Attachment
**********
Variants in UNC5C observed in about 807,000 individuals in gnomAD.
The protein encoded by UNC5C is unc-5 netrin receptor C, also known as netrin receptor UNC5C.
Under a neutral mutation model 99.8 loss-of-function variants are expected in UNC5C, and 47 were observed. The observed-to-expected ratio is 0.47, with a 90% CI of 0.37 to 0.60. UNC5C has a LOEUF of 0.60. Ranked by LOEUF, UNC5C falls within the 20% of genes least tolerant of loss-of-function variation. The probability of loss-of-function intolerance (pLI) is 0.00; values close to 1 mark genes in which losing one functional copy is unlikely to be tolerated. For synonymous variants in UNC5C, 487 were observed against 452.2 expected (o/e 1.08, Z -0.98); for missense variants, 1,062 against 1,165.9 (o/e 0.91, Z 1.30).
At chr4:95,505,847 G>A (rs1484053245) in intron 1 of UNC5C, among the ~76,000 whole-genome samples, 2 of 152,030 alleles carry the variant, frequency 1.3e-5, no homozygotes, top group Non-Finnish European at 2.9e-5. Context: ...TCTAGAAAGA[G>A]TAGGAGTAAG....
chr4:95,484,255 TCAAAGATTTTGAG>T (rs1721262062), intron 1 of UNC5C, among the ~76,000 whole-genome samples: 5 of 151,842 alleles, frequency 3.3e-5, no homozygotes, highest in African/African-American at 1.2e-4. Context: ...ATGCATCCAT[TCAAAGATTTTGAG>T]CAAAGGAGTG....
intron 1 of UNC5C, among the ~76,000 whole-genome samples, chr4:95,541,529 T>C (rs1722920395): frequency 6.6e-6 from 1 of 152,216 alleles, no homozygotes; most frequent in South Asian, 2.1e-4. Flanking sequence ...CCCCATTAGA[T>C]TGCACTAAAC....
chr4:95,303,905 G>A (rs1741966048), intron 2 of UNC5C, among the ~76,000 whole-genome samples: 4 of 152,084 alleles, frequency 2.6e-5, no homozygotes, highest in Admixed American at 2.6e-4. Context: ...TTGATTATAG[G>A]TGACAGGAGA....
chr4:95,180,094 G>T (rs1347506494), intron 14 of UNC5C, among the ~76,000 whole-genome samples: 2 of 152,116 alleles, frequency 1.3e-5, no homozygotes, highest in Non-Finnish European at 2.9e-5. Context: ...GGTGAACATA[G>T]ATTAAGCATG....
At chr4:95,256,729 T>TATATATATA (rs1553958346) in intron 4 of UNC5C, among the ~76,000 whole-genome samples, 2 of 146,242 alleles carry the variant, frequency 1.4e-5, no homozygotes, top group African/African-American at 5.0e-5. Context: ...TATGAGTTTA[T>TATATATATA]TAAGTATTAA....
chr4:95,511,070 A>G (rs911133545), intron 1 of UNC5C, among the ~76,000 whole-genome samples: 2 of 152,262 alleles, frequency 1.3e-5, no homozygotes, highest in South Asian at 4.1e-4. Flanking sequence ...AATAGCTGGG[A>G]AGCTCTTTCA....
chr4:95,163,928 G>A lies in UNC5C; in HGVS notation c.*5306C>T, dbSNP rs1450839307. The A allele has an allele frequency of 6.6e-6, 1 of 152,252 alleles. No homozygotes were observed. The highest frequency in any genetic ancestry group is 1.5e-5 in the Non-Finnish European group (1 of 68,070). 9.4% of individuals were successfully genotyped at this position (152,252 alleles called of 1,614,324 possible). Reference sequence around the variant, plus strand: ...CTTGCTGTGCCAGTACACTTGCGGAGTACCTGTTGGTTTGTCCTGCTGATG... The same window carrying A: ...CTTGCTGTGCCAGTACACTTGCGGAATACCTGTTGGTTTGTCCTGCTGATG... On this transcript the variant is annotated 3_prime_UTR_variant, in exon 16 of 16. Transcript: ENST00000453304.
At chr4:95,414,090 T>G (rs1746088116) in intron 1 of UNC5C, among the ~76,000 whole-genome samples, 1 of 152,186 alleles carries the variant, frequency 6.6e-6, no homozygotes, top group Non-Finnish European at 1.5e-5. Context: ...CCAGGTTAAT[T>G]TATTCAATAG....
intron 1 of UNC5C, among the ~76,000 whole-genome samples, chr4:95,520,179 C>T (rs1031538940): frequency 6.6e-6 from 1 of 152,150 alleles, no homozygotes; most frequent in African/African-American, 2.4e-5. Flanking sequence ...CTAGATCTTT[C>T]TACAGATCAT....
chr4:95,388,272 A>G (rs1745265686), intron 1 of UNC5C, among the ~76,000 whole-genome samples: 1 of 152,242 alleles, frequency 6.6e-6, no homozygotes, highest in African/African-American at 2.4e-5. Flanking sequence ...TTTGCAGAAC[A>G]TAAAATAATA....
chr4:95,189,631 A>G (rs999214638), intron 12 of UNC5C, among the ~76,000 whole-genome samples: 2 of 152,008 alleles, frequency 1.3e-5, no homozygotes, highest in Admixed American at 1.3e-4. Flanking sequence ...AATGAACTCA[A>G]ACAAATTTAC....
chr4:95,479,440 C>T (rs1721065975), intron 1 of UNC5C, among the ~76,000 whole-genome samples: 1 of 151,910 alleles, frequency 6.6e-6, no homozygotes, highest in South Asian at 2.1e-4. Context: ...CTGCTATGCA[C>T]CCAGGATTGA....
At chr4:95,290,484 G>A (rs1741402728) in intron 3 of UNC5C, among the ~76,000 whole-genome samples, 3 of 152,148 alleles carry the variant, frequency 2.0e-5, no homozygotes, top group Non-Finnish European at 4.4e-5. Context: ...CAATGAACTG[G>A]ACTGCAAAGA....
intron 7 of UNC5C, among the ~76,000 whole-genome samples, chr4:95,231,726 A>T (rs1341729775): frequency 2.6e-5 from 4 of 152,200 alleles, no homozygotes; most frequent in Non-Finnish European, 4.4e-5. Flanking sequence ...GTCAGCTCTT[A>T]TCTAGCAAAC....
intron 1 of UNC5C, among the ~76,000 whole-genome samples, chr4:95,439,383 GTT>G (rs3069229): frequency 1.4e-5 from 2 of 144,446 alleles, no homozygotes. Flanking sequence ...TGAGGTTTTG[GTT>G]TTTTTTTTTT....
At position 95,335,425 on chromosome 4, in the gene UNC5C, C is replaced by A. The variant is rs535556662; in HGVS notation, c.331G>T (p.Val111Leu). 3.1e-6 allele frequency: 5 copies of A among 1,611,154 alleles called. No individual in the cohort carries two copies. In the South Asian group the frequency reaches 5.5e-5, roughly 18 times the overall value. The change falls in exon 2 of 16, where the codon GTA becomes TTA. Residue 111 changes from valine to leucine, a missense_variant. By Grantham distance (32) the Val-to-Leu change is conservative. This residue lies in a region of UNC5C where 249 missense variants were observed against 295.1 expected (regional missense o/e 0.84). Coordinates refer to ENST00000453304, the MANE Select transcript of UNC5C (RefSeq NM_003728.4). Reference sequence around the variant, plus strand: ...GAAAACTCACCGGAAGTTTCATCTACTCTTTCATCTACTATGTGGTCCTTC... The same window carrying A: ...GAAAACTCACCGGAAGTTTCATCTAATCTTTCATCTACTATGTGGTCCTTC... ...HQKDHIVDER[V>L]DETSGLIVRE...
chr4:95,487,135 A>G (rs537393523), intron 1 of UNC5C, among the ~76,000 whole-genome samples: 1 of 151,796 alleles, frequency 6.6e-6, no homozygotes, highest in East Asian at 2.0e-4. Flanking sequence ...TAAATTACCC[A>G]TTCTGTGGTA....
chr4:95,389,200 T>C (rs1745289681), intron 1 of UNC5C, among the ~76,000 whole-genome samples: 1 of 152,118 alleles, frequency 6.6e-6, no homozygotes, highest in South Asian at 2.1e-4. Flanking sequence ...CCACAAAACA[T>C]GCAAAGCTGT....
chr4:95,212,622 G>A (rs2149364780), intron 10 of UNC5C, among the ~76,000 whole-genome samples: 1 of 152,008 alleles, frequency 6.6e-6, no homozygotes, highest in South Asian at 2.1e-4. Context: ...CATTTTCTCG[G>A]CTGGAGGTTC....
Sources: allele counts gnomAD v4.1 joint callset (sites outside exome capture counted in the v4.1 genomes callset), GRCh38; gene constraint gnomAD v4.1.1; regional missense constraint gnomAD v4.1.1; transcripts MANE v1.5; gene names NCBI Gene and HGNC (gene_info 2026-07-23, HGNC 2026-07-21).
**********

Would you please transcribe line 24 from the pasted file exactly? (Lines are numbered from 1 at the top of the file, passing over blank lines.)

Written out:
Sources: allele counts gnomAD v4.1 joint callset (sites outside exome capture counted in the v4.1 genomes callset), GRCh38; gene constraint gnomAD v4.1.1; regional missense constraint gnomAD v4.1.1; transcripts MANE v1.5; gene names NCBI Gene and HGNC (gene_info 2026-07-23, HGNC 2026-07-21).